After the collapse of Soviet Union in 1991, Finland changed its policy accordingly. Not only did it join the EU in 1995, but it established close relations with NATO, becoming a member of its Partnership for Peace program in 1994.
Although Finland still declares itself a neutral country, it knows perfectly well that where its security interests truly lie.
Taiwan’s situation is completely different from that of Finland. It would be a big gift for China if Taiwan decided to adopt Finland’s approach.
The only reason that Taiwan still exists after 1979, when Taiwan and the US cut diplomatic relations, is its strong military capability and the US governments’ strong support.
Regarding Taiwan as an integral part of its territory, China would not hesitate to invade this democratic island once it considers Taiwan is vulnerable to its attacks.
Noticeably, the threat China poses to Taiwan is dauntingly increasing.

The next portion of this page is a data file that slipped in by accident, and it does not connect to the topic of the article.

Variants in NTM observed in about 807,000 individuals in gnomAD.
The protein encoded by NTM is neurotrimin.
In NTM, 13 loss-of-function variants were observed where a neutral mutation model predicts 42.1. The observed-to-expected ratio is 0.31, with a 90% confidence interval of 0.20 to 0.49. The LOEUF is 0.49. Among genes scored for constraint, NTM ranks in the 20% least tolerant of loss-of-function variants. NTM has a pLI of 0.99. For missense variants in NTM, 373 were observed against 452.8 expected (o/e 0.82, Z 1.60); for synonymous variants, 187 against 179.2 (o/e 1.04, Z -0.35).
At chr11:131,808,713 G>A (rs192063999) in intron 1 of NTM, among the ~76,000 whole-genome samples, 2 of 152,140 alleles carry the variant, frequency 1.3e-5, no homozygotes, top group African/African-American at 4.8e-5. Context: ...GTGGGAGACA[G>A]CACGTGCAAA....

Communist China has a notorious and long history of deception. Its political promises are worthless. The indelible images of China’s bloody crackdown in Tibet in 1959 after it promised Tibetans a high degree of autonomy in 1951 and its ruthless breach of the “one country, two systems” principle in Hong Kong by seriously diminishing democratic rights and freedoms are vivid reminders.
The day Taiwan naively believes that it could secure peaceful cross-strait relations under China’s deceptive conciliatory gestures and rejects US security support would be the day Taiwan pays dearly for its terrible mistakes.
An editorial in the Chinese-language China Times, Taiwan’s top pro-Beijing newspaper, whose owner has huge business interests in China, claimed that the chaotic situation in Venezuela teaches Taiwan an important lesson.
“For most people, to be fed well is the top priority. With good governance by a government, people would accept an authoritarian regime; otherwise, people would rise against it whatever form the government is,” the editorial said.